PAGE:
Author + information
- Received March 8, 2018
- Accepted March 20, 2018
- Published online May 2, 2018.
- Ajay S. Chaurasia, MD, DM,
- Jaywant M. Nawale, MD, DM, DNB,
- Digvijay D. Nalawade, MD, DM∗ ( and )
- Nikhil A. Borikar, MD, DM, DNB
- ↵∗Address for correspondence:
Dr. Digvijay D. Nalawade, 18-ICCU, Department of Cardiology, Ground Floor, OPD Building, Nair Hospital, Mumbai Central, Mumbai-400008, Maharashtra, India.
A 59-year-old man with diabetes presented with exertional dyspnea and angina for 3 months. He had a history of inferior wall myocardial infarction 9 months previously, with percutaneous intervention of an 80% tubular lesion of the mid-right coronary artery (RCA) with a 3.5 × 28 mm drug eluting stent (PROMUS Element, Boston Scientific, Natick, Massachusetts) (Figures 1A and 1B). Six months previously, he was admitted to another hospital with chest pain following blunt chest trauma and was diagnosed with non–ST-segment elevation myocardial infarction. He was initially stabilized medically, and later coronary angiography revealed 100% in-stent thrombosis with no distal flow (Figure 1C). He was advised to undergo reintervention but refused and continued medical therapy.
At our institution, 2-dimensional echocardiography revealed an unusual echogenic structure in the right atrioventricular groove in the apical 4-chamber view (Figure 2A). The patient was suspected to have stent infection or abscess. Cardiac magnetic resonance imaging was done and showed low signal area reflecting the stent, surrounded by abnormal, ill-defined soft tissue extending along the atrioventricular groove in the course of the RCA, suggestive of either stent infection or stent migration with pericardial thickening (Figure 2B). However, the patient had no history of fever, his blood counts were normal, and later his blood cultures revealed no growth.
Further evaluation with cardiac CT (Figures 2C, 2D, and 3A to 3D) revealed nonopacification of a 1.5-cm segment of the mid-RCA beyond the first genu. The stent in the mid-RCA appeared to have migrated or displaced across the wall of the RCA and was now located in the right atrioventricular groove with complete in-stent thrombosis. Irregular perifocal localized pericardial fluid collection and soft tissue thickening were seen surrounding it. The distal RCA was normal in course and caliber. Other coronary arteries revealed minor plaques, with anomalous origin of the left circumflex coronary artery. Coronary angiography also revealed proximal in-stent total occlusion with antegrade filling of the distal RCA through intracoronary collateral vessels, with loss of normal alignment of the stent along the vessel course, indicating stent migration (Figure 1D).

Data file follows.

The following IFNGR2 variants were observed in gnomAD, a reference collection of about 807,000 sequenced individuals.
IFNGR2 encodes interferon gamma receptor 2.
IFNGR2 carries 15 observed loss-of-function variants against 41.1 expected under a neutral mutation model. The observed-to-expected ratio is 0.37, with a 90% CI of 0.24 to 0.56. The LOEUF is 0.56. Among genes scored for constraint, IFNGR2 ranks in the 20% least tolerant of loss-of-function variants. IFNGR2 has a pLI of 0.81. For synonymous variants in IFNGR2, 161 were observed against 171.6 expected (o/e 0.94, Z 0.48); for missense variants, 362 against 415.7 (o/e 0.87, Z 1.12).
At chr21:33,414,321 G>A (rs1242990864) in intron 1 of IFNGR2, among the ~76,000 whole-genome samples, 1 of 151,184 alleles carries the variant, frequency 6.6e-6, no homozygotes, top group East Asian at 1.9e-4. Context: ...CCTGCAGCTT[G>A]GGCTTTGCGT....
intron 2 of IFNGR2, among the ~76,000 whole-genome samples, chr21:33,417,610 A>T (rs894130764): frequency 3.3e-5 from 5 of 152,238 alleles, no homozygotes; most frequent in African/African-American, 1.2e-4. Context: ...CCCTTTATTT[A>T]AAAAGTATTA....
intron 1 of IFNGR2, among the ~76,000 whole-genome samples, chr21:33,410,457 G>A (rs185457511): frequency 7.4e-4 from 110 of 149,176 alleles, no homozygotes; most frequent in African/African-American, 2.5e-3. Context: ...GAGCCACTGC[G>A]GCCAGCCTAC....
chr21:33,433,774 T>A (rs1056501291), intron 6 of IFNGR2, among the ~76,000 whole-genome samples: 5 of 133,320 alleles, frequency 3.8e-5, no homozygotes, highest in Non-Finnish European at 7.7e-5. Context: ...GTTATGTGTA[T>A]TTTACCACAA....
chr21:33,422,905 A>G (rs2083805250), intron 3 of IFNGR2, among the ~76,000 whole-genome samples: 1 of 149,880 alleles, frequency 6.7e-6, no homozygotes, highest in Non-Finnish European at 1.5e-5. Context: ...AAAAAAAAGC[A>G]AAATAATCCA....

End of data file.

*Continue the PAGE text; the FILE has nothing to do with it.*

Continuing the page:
No viable tissue in the RCA territory was seen on cardiac magnetic resonance imaging, and hence further intervention to salvage the RCA supply was deferred. Because of late presentation, the exact cause of stent migration could not be ascertained. However, 6 months before presenting to our facility, the patient had experienced blunt chest trauma, which although rare is known to cause coronary artery dissection with acute myocardial infarction or coronary perforation with tamponade (1,2). The cause of the unusual stent migration in our case can be hypothesized to be medial wall injury with dissection secondary to blunt chest trauma followed by subsequent complications such as slow vessel perforation with secondary stent thrombosis (3). Stent thrombosis might have prevented the formation of hemopericardium that usually occurs after vessel rupture.
The authors have reported that they have no relationships relevant to the contents of this paper to disclose.
- Received March 8, 2018.
- Accepted March 20, 2018.
- 2018 American College of Cardiology Foundation
- Abdolrahimi S.A.,
- Sanati H.R.,
- Ansari-Ramandi M.M.,
- Heris S.O.,
- Maadani M.
- Bharati A.,
- Merchant S.,
- Suvarna T.,
- Parashar N.